North East motor industry launches project to tackle skills shortage

Matt Boyle, Sevcon chief executive (top right), Paul Butler, NEAA Chief Executive (top left) and apprentice technician Shaun Angus who is working on a Halt (Highly Accelerated Life Test) machine.
Matt Boyle, Sevcon chief executive (top right), Paul Butler, NEAA Chief Executive (top left) and apprentice technician Shaun Angus who is working on a Halt (Highly Accelerated Life Test) machine.
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The North East Automotive Alliance (NEAA) is launching a project to tackle the looming skills shortage in the region’s automotive supply chain, which is threatening long-term growth and job creation in the industry.

 The first tasks of the NEAA skills group will be to identify skills issues in both the current and future workforce and develop a greater engagement with the region’s schools.

One of our key aims is to spark and interest in engineering at primary school level, and we will be developing programmes and courses to engage with youngsters across all ages.

Matt Boyle

 A pilot survey will initially find out what skills shortages companies currently face, what problems they anticipate in the next three to five years, and what work is already being done to meet their needs through education, training and up-skilling.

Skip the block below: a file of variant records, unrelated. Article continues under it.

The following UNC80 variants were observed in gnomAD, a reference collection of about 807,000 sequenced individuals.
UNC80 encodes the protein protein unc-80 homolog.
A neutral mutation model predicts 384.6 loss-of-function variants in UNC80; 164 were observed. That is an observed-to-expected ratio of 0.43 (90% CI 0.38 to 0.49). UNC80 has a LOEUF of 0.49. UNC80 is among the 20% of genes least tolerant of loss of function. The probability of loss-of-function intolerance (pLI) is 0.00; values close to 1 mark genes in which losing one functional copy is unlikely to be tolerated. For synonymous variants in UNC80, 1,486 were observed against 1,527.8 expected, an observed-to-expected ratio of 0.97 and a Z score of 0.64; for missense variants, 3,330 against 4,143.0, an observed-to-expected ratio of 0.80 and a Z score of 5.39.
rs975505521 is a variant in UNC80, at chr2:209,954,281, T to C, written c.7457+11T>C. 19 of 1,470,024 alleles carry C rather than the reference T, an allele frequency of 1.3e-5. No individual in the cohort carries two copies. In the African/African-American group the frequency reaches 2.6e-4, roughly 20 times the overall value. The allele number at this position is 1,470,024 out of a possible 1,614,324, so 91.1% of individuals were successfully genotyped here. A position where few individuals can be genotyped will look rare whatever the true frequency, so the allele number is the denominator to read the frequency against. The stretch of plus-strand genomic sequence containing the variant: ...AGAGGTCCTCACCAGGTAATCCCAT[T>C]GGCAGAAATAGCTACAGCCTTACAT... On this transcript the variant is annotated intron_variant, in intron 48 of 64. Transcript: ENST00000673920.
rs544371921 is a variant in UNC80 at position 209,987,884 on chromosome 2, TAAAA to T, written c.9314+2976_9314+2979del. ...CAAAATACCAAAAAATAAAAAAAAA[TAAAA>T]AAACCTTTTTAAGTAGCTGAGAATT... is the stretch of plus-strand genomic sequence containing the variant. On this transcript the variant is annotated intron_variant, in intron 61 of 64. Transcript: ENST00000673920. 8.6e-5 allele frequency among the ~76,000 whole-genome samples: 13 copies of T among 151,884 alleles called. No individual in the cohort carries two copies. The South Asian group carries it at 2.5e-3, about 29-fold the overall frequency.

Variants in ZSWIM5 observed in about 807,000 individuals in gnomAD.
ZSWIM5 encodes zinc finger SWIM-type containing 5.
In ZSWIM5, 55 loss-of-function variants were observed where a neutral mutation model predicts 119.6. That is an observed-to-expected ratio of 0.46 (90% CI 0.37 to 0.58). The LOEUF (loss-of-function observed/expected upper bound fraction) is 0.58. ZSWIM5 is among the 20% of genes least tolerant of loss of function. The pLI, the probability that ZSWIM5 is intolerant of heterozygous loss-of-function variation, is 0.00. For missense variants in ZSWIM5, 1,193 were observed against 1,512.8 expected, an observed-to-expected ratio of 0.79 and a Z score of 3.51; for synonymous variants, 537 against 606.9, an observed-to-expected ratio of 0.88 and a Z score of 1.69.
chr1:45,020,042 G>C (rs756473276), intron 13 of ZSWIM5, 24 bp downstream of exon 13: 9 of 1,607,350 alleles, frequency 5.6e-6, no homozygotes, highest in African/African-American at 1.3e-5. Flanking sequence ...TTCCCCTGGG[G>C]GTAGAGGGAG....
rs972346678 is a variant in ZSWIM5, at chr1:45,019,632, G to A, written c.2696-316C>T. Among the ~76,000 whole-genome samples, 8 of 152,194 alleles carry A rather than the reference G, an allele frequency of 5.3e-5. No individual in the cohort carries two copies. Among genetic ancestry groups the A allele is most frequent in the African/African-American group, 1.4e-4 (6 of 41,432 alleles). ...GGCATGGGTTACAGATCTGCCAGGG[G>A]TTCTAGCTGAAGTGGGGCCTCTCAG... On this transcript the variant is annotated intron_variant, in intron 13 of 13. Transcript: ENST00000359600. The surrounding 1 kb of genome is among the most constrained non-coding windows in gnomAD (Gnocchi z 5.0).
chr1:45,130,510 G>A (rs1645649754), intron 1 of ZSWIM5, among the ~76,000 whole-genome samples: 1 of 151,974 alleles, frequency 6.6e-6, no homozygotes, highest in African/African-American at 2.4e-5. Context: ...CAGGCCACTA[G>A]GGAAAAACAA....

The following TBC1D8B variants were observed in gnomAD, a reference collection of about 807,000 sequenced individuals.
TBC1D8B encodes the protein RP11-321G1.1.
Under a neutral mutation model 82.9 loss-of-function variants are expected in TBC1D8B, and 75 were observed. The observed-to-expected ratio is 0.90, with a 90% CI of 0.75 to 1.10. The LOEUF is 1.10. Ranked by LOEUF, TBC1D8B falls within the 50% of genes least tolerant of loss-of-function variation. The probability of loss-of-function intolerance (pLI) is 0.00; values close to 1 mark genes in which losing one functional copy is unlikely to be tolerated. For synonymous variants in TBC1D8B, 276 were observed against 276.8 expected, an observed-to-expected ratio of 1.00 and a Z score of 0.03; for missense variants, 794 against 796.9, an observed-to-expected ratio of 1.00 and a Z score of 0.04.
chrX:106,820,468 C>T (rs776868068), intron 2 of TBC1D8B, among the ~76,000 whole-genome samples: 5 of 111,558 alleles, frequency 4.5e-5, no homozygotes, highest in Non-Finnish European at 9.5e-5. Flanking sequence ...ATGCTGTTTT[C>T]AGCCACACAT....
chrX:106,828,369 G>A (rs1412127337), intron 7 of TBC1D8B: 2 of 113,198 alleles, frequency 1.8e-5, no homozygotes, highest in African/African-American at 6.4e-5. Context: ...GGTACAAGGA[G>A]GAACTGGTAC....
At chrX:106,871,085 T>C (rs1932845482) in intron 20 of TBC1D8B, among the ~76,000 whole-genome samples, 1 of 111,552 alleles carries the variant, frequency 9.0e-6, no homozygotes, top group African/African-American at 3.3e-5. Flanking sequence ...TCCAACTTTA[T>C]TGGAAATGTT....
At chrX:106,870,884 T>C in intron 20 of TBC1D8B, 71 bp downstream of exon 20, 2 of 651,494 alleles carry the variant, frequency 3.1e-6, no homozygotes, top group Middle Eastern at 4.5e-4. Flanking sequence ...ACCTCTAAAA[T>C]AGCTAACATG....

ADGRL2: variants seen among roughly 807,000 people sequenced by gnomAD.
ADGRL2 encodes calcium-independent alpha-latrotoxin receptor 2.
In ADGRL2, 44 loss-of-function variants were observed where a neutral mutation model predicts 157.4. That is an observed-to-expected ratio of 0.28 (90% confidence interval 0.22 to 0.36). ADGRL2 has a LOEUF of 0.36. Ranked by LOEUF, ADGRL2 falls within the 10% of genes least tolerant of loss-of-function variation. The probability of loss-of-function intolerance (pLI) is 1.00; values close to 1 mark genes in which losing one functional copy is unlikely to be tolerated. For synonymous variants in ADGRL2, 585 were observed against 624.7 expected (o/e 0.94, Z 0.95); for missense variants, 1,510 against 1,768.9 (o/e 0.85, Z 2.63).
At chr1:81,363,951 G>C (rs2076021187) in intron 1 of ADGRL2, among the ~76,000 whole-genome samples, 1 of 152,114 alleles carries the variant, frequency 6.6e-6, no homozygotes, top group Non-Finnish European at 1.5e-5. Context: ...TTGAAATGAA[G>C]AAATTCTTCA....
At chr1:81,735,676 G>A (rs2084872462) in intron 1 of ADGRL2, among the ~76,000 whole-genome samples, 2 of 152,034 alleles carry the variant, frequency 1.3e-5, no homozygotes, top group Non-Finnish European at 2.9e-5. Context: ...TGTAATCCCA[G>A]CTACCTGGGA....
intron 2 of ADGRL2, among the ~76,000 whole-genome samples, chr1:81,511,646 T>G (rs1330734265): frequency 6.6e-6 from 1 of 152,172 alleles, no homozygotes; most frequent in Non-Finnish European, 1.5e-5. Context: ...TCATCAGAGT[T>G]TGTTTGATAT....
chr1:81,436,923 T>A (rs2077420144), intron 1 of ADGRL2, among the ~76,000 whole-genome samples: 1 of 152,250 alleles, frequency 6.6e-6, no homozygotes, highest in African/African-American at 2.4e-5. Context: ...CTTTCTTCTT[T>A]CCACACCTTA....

It will then be rolled out to all NEAA member companies.

 The NEAA skills group brings together representatives from Nissan, supply chain companies Sevcon, Elring Kilinger, R-TEK, Nifco, plus consultancy Drive2Business, Gateshead College and NEPIC.

 It is chaired by Matt Boyle, president and chief executive of fast-growing Gateshead-based Sevcon, which makes motor controllers for electric and hybrid vehicles, who said: “We are looking to attract 2,000 new people into the industry every year and it is therefore vital that we capture potential new recruits at a very young age.

 “One of our key aims is to spark and interest in engineering at primary school level, and we will be developing programmes and courses to engage with youngsters across all ages.”

 “We are living in a region with high youth unemployment levels but there are companies like mine crying out for a pipeline of skilled workers.

“At 10-years-old children are thinking about being footballers but we need to start them thinking about a career in engineering.” Ensuring the future workforce has the skills the industry requires is one of the NEAA skills group’s major priorities.

 NEAA chief executive, Paul Butler said: “Developing a skilled future workforce is crucial, but we’re also aiming to help companies to up-skill their current staff, to meet demands that suppliers are facing now.

 “Suppliers need to attract and retain the best talent and part of this will be improving morale through best practice and staff engagement. There are also gaps in basic skills and leadership skills, and companies are crying out for experienced tool makers, engineers and maintenance 
staff.

 “Plugging the skills gaps in the supply chain will be absolutely vital if the region’s automotive industry is to meet its potential and not lose business to other countries that already have suitably-skilled workforces in place.”